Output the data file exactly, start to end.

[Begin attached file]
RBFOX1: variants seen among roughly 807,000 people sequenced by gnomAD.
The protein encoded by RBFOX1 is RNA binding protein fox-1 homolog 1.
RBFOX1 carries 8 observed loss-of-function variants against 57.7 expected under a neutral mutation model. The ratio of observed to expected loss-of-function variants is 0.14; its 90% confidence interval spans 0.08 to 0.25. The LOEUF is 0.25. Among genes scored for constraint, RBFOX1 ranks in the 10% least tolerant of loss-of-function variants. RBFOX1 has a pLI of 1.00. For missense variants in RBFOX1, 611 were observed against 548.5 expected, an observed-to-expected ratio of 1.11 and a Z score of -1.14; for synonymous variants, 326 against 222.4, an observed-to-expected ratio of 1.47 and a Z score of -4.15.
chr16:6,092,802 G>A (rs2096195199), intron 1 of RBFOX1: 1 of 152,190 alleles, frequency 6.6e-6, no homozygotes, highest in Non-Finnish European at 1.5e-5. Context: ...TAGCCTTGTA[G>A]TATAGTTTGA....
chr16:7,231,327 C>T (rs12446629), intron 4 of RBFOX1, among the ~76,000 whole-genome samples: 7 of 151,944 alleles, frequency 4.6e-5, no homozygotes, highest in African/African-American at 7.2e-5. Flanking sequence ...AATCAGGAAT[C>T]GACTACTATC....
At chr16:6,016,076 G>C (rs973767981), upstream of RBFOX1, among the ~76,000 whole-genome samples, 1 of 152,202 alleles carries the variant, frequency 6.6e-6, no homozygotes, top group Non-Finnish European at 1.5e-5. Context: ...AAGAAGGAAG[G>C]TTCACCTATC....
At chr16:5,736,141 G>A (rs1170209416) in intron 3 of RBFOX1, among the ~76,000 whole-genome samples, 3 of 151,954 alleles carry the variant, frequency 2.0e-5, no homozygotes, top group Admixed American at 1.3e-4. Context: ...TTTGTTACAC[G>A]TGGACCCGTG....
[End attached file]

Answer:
RBFOX1: variants seen among roughly 807,000 people sequenced by gnomAD.
The protein encoded by RBFOX1 is RNA binding protein fox-1 homolog 1.
RBFOX1 carries 8 observed loss-of-function variants against 57.7 expected under a neutral mutation model. The ratio of observed to expected loss-of-function variants is 0.14; its 90% confidence interval spans 0.08 to 0.25. The LOEUF is 0.25. Among genes scored for constraint, RBFOX1 ranks in the 10% least tolerant of loss-of-function variants. RBFOX1 has a pLI of 1.00. For missense variants in RBFOX1, 611 were observed against 548.5 expected, an observed-to-expected ratio of 1.11 and a Z score of -1.14; for synonymous variants, 326 against 222.4, an observed-to-expected ratio of 1.47 and a Z score of -4.15.
chr16:6,092,802 G>A (rs2096195199), intron 1 of RBFOX1: 1 of 152,190 alleles, frequency 6.6e-6, no homozygotes, highest in Non-Finnish European at 1.5e-5. Context: ...TAGCCTTGTA[G>A]TATAGTTTGA....
chr16:7,231,327 C>T (rs12446629), intron 4 of RBFOX1, among the ~76,000 whole-genome samples: 7 of 151,944 alleles, frequency 4.6e-5, no homozygotes, highest in African/African-American at 7.2e-5. Flanking sequence ...AATCAGGAAT[C>T]GACTACTATC....
At chr16:6,016,076 G>C (rs973767981), upstream of RBFOX1, among the ~76,000 whole-genome samples, 1 of 152,202 alleles carries the variant, frequency 6.6e-6, no homozygotes, top group Non-Finnish European at 1.5e-5. Context: ...AAGAAGGAAG[G>C]TTCACCTATC....
At chr16:5,736,141 G>A (rs1170209416) in intron 3 of RBFOX1, among the ~76,000 whole-genome samples, 3 of 151,954 alleles carry the variant, frequency 2.0e-5, no homozygotes, top group Admixed American at 1.3e-4. Context: ...TTTGTTACAC[G>A]TGGACCCGTG....